Presidential candidate Mike Huckabee is right this time (via: Andrew Sullivan):
None of us would write a check to Osama bin Laden, slip it in a Hallmark card and send it off to him. But that's what we're doing every time we pull into a gas station.
The same is true for Europe, which is even more dependent on oil from the Middle East than the United States. Related posts in the Atlantic Review: The US-Saudi Relationship: Oil Supply at the Expense of US Security and Moral Values and Chicago Tribune: "Germany says 9/11 hijackers called Syria, Saudi Arabia"
SuperFrenchie presents the picture that says all about President Bush's latest Middle East tour. I am not aware of any European head of government having kissed Saudi princes. Bush does not just kiss the Saudis in their own country as a gesture to cultural customs, but even kisses the Saudis, when they visit him in the US. He also holds hands with them. And yet, Europeans are supposed to be the softy weasels from Venus that do anything to get cheap oil.
International Herald Tribune:
Cars produced by German manufacturers like Daimler and Volkswagen are getting dirtier even as those from French and Italian manufacturers like Peugeot and Fiat are getting cleaner. Of the major car producing countries in Europe, emissions of carbon dioxide from new cars sold by German automakers increased 0.6 percent in 2006, even as French and Italian car makers cut their emissions by an average 1.6 percent, according to the study published by Transport & Environment, a campaign group for sustainable transport based in Brussels. German carmakers "seem to be intent on building ever heavier, larger and more gas-guzzling cars that simply don't belong in the 21st century," said Jos Dings, a director of T&E.
The Technical University Darmstadt won the first pize in the US Department of Energy's Solar Decathalon, beating out major US universities, writes Dialog International and quotes the jury:
The Architecture Jury said the house pushed the envelope on all levels and is the type of house they came to the Decathlon hoping to see. The Lighting Jury loved the way this house glows at night. The Engineering Jury gave this team an innovation score that was as high as you could go, and said nobody did the integration of the PV system any better.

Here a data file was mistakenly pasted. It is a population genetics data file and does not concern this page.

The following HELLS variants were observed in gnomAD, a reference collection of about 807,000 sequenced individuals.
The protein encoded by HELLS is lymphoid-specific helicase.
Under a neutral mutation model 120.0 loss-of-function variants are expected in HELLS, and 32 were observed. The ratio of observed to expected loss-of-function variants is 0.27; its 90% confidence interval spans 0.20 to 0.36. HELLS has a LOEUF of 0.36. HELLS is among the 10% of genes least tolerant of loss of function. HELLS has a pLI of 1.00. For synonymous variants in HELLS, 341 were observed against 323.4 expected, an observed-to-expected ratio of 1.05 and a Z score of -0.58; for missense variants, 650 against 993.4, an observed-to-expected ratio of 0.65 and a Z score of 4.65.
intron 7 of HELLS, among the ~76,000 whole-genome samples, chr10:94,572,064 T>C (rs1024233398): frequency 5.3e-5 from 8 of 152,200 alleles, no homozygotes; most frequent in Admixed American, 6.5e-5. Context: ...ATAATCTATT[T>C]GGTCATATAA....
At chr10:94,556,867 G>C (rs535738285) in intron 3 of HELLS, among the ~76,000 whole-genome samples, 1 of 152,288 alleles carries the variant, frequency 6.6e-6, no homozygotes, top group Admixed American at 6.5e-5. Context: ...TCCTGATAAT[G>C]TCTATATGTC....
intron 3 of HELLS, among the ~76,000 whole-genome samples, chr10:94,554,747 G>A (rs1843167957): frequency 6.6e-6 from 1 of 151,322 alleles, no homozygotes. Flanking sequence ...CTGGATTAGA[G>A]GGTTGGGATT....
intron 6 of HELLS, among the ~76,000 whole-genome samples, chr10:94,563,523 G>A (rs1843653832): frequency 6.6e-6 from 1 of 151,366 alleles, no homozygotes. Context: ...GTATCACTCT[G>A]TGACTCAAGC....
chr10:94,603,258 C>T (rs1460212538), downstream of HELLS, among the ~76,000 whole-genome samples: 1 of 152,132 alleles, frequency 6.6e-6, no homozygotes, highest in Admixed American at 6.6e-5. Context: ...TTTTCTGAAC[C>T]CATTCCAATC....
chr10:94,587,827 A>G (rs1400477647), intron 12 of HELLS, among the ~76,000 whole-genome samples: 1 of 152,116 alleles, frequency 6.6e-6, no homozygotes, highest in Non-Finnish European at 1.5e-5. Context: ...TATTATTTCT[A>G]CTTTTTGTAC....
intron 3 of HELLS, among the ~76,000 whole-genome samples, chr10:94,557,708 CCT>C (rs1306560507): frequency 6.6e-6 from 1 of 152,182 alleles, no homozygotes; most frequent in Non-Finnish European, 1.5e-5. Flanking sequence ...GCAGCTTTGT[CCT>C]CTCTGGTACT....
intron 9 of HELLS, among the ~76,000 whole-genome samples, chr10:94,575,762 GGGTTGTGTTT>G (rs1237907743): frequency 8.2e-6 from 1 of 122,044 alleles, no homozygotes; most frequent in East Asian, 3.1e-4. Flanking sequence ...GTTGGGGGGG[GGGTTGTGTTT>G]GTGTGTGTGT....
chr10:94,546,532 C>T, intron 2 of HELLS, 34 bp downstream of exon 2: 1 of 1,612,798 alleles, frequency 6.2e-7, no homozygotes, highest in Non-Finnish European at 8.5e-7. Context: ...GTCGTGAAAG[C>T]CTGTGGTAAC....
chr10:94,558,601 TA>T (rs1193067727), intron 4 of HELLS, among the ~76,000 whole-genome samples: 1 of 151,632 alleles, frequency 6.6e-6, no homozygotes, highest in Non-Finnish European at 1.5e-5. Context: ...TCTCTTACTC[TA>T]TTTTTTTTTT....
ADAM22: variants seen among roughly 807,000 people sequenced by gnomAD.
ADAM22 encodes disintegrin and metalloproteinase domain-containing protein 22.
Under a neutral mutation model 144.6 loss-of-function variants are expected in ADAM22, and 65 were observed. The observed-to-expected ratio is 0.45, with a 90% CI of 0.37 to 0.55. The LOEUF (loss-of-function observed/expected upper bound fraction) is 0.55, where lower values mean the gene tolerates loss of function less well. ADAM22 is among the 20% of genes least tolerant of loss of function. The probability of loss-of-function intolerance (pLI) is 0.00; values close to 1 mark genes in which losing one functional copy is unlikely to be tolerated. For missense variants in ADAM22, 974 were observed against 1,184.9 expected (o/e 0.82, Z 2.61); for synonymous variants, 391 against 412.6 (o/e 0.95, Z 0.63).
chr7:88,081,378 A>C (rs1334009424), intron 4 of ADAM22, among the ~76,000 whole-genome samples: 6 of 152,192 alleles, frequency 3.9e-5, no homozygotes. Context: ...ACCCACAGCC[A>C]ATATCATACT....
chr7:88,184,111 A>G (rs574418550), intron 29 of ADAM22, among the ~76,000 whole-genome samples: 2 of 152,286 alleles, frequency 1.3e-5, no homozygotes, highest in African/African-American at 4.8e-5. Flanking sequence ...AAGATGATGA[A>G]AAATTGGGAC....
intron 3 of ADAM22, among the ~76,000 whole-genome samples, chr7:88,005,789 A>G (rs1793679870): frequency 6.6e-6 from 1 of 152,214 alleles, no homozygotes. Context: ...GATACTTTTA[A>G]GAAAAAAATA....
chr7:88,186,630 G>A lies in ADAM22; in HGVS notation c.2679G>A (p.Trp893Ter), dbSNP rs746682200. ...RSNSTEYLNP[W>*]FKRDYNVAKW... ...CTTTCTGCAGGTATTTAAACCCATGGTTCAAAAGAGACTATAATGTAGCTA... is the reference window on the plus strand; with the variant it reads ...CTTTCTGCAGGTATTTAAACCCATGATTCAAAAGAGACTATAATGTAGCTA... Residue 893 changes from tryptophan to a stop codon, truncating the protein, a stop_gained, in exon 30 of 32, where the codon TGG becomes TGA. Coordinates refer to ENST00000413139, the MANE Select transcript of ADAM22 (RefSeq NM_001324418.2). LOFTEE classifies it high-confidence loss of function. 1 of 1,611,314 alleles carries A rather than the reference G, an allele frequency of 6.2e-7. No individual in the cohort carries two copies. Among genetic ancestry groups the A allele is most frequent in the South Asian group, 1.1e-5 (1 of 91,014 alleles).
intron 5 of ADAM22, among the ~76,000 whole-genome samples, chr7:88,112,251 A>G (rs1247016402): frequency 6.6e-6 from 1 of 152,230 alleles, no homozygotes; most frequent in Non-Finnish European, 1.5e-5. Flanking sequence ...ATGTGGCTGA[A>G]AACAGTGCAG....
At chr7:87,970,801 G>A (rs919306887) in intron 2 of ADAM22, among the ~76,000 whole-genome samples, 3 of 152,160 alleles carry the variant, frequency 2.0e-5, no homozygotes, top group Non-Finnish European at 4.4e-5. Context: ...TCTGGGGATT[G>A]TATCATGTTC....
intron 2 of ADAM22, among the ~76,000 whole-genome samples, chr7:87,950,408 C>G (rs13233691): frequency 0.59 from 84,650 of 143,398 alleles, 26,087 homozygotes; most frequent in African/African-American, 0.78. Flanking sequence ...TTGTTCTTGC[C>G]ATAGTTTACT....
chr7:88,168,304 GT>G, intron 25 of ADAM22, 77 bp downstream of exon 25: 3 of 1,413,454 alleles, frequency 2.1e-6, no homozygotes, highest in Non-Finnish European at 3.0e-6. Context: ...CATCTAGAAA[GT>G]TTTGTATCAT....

Earlier this year, the Atlantic Review post Positive US Media Coverage of Environmentalism in Germany quoted the Rocky Mountain News: "Home importer turns to Europe for quality, speed and energy efficiency, not to mention looks."
RELATED: Anglofritz writes about green technology as well:
Germany sells the most climate friendly technology worldwide, thanks to the pioneering EEG law of the Schröder/Fischer government - now adopted by 47 other nations. It's said that the renewable will overtake the automobile industry in the next decade. And sure enough, the United States is in second position and already a strong competitor.
Left-wing and right-wing Americans reduce Europe to Amsterdam, Brussels and the Hague and misunderstand Europe, writes Patrick J. Deneen, associate professor of government at Georgetown University:
In America, it is our liberals who praise the liberties of Europe while overlooking the conservative impulse of its self-restraint. Meanwhile, our conservatives condemn the statism of Europe without understanding that efforts to conserve - to be conservative - require the active support and laws of government in order to combat the tendencies of markets to produce waste and undermine thrift. Americans of both the left and right have lost the ability to perceive a form of liberty that is achieved through restraint.
America's culture warriors ignore the small towns and villages, which Prof. Deneen visited in southern Germany, central Switzerland and western Austria:
Read his entire article in the Dallas Morning News (via EU Digest), also recommended by Rod Dreher in his blog Beliefnet: "If you read nothing else on this blog today, read the post to which I'm linking here." Maybe better transatlantic understanding is on its way after all. By the way, Prof Deneen also blogs at What I Saw in America.
The Europeans I have seen are light years ahead of us in energy conservation and will weather the storm of rising energy costs better than we in America. Indeed, the combination of local economies, nearby productive farmland outside every town, viable public transportation and widespread use of alternative energies points to a culture that has never abandoned sustainable communities in the way that America willfully and woefully has done over the past 50 years.
You can also get some sense of why there is resentment toward America even here in a nation that generally has positive regard toward the U.S. Europeans pay higher prices for everything in an effort to use less and to create less waste in order to leave a sustainable world for their children, and whatever "give" there is in the worldwide production of resources is a kind of unintended sacrificial gift that many Europeans are making so that America can continue its energy gluttony.